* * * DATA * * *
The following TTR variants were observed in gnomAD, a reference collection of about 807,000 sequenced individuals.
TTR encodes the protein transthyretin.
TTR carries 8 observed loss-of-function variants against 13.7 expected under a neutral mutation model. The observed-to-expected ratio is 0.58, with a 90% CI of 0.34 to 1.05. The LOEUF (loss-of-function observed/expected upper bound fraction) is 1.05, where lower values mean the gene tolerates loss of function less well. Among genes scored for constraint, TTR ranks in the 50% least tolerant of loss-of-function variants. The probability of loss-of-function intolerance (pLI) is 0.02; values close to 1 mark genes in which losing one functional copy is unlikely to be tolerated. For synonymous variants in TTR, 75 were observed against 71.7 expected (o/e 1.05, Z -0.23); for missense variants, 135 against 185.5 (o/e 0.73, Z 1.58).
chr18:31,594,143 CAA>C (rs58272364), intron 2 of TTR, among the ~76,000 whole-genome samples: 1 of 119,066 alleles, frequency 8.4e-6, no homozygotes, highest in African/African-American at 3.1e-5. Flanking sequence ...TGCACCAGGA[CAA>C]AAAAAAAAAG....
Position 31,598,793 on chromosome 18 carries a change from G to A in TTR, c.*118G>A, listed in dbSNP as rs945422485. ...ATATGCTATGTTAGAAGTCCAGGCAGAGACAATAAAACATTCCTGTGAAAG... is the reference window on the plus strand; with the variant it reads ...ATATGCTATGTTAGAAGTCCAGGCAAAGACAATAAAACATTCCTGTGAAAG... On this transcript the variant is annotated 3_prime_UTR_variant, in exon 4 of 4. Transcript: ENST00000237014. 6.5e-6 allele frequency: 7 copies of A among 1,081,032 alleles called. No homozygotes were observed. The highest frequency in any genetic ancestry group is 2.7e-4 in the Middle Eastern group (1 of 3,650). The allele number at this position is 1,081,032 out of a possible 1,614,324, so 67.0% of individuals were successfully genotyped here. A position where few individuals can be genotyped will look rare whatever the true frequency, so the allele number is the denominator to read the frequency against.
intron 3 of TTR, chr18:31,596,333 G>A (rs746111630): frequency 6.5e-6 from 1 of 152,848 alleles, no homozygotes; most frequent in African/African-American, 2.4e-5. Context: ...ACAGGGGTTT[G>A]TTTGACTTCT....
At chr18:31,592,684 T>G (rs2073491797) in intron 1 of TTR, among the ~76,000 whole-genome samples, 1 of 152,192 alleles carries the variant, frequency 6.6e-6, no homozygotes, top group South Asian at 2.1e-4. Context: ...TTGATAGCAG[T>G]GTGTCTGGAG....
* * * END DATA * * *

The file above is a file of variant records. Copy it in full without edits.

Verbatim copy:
The following TTR variants were observed in gnomAD, a reference collection of about 807,000 sequenced individuals.
TTR encodes the protein transthyretin.
TTR carries 8 observed loss-of-function variants against 13.7 expected under a neutral mutation model. The observed-to-expected ratio is 0.58, with a 90% CI of 0.34 to 1.05. The LOEUF (loss-of-function observed/expected upper bound fraction) is 1.05, where lower values mean the gene tolerates loss of function less well. Among genes scored for constraint, TTR ranks in the 50% least tolerant of loss-of-function variants. The probability of loss-of-function intolerance (pLI) is 0.02; values close to 1 mark genes in which losing one functional copy is unlikely to be tolerated. For synonymous variants in TTR, 75 were observed against 71.7 expected (o/e 1.05, Z -0.23); for missense variants, 135 against 185.5 (o/e 0.73, Z 1.58).
chr18:31,594,143 CAA>C (rs58272364), intron 2 of TTR, among the ~76,000 whole-genome samples: 1 of 119,066 alleles, frequency 8.4e-6, no homozygotes, highest in African/African-American at 3.1e-5. Flanking sequence ...TGCACCAGGA[CAA>C]AAAAAAAAAG....
Position 31,598,793 on chromosome 18 carries a change from G to A in TTR, c.*118G>A, listed in dbSNP as rs945422485. ...ATATGCTATGTTAGAAGTCCAGGCAGAGACAATAAAACATTCCTGTGAAAG... is the reference window on the plus strand; with the variant it reads ...ATATGCTATGTTAGAAGTCCAGGCAAAGACAATAAAACATTCCTGTGAAAG... On this transcript the variant is annotated 3_prime_UTR_variant, in exon 4 of 4. Transcript: ENST00000237014. 6.5e-6 allele frequency: 7 copies of A among 1,081,032 alleles called. No homozygotes were observed. The highest frequency in any genetic ancestry group is 2.7e-4 in the Middle Eastern group (1 of 3,650). The allele number at this position is 1,081,032 out of a possible 1,614,324, so 67.0% of individuals were successfully genotyped here. A position where few individuals can be genotyped will look rare whatever the true frequency, so the allele number is the denominator to read the frequency against.
intron 3 of TTR, chr18:31,596,333 G>A (rs746111630): frequency 6.5e-6 from 1 of 152,848 alleles, no homozygotes; most frequent in African/African-American, 2.4e-5. Context: ...ACAGGGGTTT[G>A]TTTGACTTCT....
At chr18:31,592,684 T>G (rs2073491797) in intron 1 of TTR, among the ~76,000 whole-genome samples, 1 of 152,192 alleles carries the variant, frequency 6.6e-6, no homozygotes, top group South Asian at 2.1e-4. Context: ...TTGATAGCAG[T>G]GTGTCTGGAG....